The People’s Pope shows that he is a down-to-earth man who understands both religion and children.
Left-hand pages show 30 actual letters and hand-drawn pictures from children around the world, culled from 259 submitted, along with snapshots of the children, their names, ages, and countries, and the typed English texts of their letters. Right-hand pages, on paper meant to look like Vatican stationery, bear the pope’s answers, given in an interview with editor Father Antonio Spadaro, many talking about the pictures the children have drawn. The questions (“these are tough...!”) are all over the map in terms of both theology and intimacy. An 8-year-old girl from Kenya wants to know how Jesus walked on water, a 10-year-old girl from the Philippines wants to know why parents argue, and Prajla, 6, from Albania wants to know if Francis enjoyed dancing in his youth. Answering in terms children can understand, Pope Francis addresses both their questions and the fears and hopes that lie beneath them. While these questions were likely chosen to present the pope’s vision and stances on many matters of Roman Catholic faith—dealing with the poor, the afterlife, prayer, evangelization, mercy (oddly, none address the environment)— that doesn’t mean that his answers to these youngest of his flock are anything other than important or relevant.
As Spadaro writes, Pope Francis understands that “One must not complicate God, especially if this complication distances God from the people.” People’s Pope indeed.
Teaching our daughters how to love themselves is the first step toward the next generation’s owning its power.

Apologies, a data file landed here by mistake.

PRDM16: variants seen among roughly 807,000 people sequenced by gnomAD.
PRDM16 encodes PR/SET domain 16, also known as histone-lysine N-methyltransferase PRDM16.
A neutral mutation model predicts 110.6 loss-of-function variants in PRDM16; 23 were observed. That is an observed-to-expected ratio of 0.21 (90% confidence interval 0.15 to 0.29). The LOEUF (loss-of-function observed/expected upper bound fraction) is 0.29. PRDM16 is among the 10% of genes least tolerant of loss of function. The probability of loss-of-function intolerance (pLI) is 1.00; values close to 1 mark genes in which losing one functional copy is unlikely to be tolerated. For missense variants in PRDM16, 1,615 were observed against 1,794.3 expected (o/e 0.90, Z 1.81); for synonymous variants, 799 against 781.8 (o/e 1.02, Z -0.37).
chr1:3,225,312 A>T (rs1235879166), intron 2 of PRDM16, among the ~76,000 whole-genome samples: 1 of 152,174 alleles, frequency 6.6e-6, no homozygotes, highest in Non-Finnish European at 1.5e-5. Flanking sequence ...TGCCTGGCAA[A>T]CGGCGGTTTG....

It’s heady stuff for a picture book, but it’s never too soon for a woman—even a little woman—to know her worth. Denhollander (the first of sex offender Larry Nassar’s abuse victims to speak out) presents a poetic discourse that resonates beyond its young intended audience. Her simple rhyming couplets speak to the power of image and the messages that shape how we become who we are. The eloquence comes not from the words or phrasing as much as the message as well as the passion. Denhollander, an attorney, a mother, and a former gymnast–turned-coach for a time, delivers stanzas infused with sweet sentimentality as well as fiery fierceness. New artist Huff provides lovely, expressive illustrations depicting girls of many racial presentations in various stages of self-discovery and acceptance. The figures are smiling and cartoonlike, with oversized, round heads and sturdy bodies—though none could be called fat, none exhibits twiglike proportions. Denhollander’s book is unapologetically Christian in approach, with more than one reference to “Him” or a creation by a greater power. With sincerity helping to mitigate occasionally artless text, this is a worthwhile message for young girls who, in an age of shrinking women’s rights, need all the encouragement possible to find their voices and love themselves.
Girls will hear the answer to the titular question.
(Picture book. 4-8)
Rhyming text and colorful multicultural illustrations reassure young readers of God’s omnipresence and still small voice.
“Where in the world is God’s voice found?” Perhaps in ocean waves, bird song, or mountain vistas, suggest the couplet rhymes. Even when readers might be faced with difficult emotions and distractions of all kinds, the text reassures them that God is still there and still speaking, if only one pauses to listen. His voice can be found in nature, in starlight, in the love of family and friends, in dreams, and “through His Word.” Admirably, the bright illustrations, reminiscent of mid-20th-century Disney artist Mary Blair’s stylings, depict children and families with a diverse array of skin tones and ages. There is also a refreshing mix of urban, suburban, and rural settings. Yet, despite the appealing illustrations, the rhymes and scansion are often forced (“your feelings, they matter, / even if they’re all mixed up like / pancake batter”), which detracts from the overall message. Contrived couplets notwithstanding, this title will likely find an audience among Christian households seeking reassuring bedtime reads.
Though the rhyme tumbles and at times bumbles, enticing imagery will lure readers in.
(Picture book. 4-6)